• Wanders the ship / deals with crew.
            • River becomes Serenity.
          • Kaylee is brave.
        • Discussion about Early.
      • River Descent
    • Crew interactions (united).
  • Objects floating in space.

Saturday, August 9, 2014

Some site I used to reference a Richard Carrier answer from seems gone (Tapee3i)

So I loaded up the way back machine and snagged the interview.

I had cited it in my life changes through various media thing before.

I totally wouldn't post it here, but I'm worried it might vanish forever.

tabee3i a home for Metaphysical Naturalists
By: Enki, November 5th, 2009
Richard Carrier Richard Carrier is a world-recognized atheist philosopher, teacher, and historian. He holds a Ph.D in Greco-Roman intellectual history from Columbia University. He is best-known as the author of Sense and Goodness without God: A Defense of Metaphysical Naturalism, and for his writings in the Secular Web (also known as the Internet Infidel) where he stayed the editor-in-chief for several years (now emeritus). He is a major contributor to The Empty Tomb and was also featured in the documentary film: The God Who Wasn't There. Dr. Carrier has published many articles in books, magazines and journals and made many appearances across the US and on national television defending sound historical methods and the ethical worldview of secular naturalism.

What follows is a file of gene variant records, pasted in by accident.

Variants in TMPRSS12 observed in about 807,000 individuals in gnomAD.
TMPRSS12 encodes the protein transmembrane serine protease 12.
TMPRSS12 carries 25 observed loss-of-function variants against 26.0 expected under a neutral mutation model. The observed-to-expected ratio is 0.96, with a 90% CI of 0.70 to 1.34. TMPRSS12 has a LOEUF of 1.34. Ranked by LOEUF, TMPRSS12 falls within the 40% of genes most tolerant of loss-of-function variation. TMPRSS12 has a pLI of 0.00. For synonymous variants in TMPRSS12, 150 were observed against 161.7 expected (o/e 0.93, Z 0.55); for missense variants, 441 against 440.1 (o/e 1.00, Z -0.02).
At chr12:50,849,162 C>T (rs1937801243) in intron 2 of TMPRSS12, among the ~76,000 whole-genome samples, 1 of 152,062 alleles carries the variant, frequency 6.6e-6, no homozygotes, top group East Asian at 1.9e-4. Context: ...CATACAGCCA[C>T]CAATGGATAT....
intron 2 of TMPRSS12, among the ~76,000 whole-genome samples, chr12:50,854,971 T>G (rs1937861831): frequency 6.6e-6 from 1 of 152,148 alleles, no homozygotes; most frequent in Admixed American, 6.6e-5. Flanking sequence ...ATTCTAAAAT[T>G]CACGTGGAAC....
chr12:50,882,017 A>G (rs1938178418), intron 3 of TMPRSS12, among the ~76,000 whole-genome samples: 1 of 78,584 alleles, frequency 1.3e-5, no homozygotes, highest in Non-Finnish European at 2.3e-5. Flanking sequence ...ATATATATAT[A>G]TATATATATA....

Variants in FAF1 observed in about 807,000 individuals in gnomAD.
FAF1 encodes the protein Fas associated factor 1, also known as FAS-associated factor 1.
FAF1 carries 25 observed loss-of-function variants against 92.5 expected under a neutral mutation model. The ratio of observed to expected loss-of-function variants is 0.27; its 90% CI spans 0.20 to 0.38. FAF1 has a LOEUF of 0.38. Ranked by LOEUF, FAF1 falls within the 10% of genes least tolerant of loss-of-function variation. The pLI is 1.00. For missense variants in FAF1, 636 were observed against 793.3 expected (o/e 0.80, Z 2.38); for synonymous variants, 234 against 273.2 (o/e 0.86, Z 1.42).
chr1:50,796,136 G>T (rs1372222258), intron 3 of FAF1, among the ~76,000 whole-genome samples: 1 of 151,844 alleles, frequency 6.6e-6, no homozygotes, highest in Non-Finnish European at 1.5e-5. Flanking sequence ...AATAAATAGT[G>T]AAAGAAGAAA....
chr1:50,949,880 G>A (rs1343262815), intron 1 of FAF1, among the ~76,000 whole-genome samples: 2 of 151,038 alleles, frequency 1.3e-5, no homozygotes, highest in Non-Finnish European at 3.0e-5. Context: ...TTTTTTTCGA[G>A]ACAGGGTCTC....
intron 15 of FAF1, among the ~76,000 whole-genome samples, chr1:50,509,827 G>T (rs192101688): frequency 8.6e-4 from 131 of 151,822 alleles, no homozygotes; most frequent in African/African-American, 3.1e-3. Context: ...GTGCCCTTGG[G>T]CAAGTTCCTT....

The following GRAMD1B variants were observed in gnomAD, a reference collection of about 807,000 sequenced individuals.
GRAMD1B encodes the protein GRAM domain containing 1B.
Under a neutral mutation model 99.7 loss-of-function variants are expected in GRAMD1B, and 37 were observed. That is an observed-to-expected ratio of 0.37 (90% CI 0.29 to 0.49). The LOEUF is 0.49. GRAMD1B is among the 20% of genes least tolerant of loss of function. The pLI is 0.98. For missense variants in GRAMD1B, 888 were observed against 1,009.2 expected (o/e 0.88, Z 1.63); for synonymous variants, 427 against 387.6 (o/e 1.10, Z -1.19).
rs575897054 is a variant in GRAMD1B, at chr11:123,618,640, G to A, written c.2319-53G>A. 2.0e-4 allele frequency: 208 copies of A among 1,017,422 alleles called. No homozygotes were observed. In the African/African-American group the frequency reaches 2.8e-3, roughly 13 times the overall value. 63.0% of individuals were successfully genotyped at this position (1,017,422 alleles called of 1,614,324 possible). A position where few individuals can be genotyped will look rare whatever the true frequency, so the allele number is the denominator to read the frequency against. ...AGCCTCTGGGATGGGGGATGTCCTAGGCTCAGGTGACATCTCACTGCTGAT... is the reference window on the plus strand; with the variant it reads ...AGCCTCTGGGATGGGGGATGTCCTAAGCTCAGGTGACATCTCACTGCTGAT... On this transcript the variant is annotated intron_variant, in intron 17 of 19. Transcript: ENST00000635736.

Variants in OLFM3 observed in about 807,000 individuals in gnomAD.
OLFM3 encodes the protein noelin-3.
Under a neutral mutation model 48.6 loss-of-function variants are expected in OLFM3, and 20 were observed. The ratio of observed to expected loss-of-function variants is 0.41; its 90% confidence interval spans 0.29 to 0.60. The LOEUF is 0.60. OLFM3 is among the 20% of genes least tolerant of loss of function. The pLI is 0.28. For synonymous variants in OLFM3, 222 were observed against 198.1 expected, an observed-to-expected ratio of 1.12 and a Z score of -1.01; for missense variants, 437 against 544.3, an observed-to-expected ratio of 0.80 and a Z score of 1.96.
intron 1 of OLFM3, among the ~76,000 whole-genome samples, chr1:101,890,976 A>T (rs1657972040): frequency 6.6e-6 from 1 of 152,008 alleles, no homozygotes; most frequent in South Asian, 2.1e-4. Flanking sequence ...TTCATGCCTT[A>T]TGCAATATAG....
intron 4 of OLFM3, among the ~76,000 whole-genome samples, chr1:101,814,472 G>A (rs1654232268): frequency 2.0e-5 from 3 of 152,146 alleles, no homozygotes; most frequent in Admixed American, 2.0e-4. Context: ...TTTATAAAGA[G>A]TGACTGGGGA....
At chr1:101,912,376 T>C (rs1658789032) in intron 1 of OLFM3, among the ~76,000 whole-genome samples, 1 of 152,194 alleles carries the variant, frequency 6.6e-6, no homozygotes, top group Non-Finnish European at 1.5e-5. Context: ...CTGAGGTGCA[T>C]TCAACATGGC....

I have contacted Dr. Carrier and asked him about Metaphysical Naturalism, Christianity, atheism in the Middle East, his political opinions, and personal life.

1- First, let me start by thanking you again for your time. Looking at the various definitions of 'nature' or 'natural' that Keith Augustine has discussed in his thesis "A Defense of Naturalism", I would love to hear your version of the definition.

I discuss this very thoroughly, with entertaining examples, here: Defining the Supernatural I also have a forthcoming paper in Free Inquiry on the very issue of defining naturalism (perhaps next year, it's been languishing in their queue for years already, title "On Defining Naturalism as a Worldview," by last report will appear in the April/May issue of 2010, but it's been bumped before and may again).